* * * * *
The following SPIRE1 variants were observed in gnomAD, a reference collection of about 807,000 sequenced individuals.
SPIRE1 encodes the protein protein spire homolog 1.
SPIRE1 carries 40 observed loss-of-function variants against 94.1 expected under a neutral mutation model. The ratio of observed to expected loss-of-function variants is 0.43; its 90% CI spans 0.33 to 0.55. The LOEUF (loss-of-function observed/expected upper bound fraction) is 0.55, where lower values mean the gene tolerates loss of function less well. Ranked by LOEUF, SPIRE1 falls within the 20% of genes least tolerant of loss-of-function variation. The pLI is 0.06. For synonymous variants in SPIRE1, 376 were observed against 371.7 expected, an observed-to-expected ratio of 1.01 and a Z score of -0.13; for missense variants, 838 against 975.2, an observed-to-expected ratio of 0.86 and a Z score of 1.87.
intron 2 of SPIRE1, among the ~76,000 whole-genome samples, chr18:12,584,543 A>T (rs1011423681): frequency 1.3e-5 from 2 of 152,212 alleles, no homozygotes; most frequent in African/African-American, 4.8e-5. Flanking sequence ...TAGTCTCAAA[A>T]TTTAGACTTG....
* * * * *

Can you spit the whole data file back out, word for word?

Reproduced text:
The following SPIRE1 variants were observed in gnomAD, a reference collection of about 807,000 sequenced individuals.
SPIRE1 encodes the protein protein spire homolog 1.
SPIRE1 carries 40 observed loss-of-function variants against 94.1 expected under a neutral mutation model. The ratio of observed to expected loss-of-function variants is 0.43; its 90% CI spans 0.33 to 0.55. The LOEUF (loss-of-function observed/expected upper bound fraction) is 0.55, where lower values mean the gene tolerates loss of function less well. Ranked by LOEUF, SPIRE1 falls within the 20% of genes least tolerant of loss-of-function variation. The pLI is 0.06. For synonymous variants in SPIRE1, 376 were observed against 371.7 expected, an observed-to-expected ratio of 1.01 and a Z score of -0.13; for missense variants, 838 against 975.2, an observed-to-expected ratio of 0.86 and a Z score of 1.87.
intron 2 of SPIRE1, among the ~76,000 whole-genome samples, chr18:12,584,543 A>T (rs1011423681): frequency 1.3e-5 from 2 of 152,212 alleles, no homozygotes; most frequent in African/African-American, 4.8e-5. Flanking sequence ...TAGTCTCAAA[A>T]TTTAGACTTG....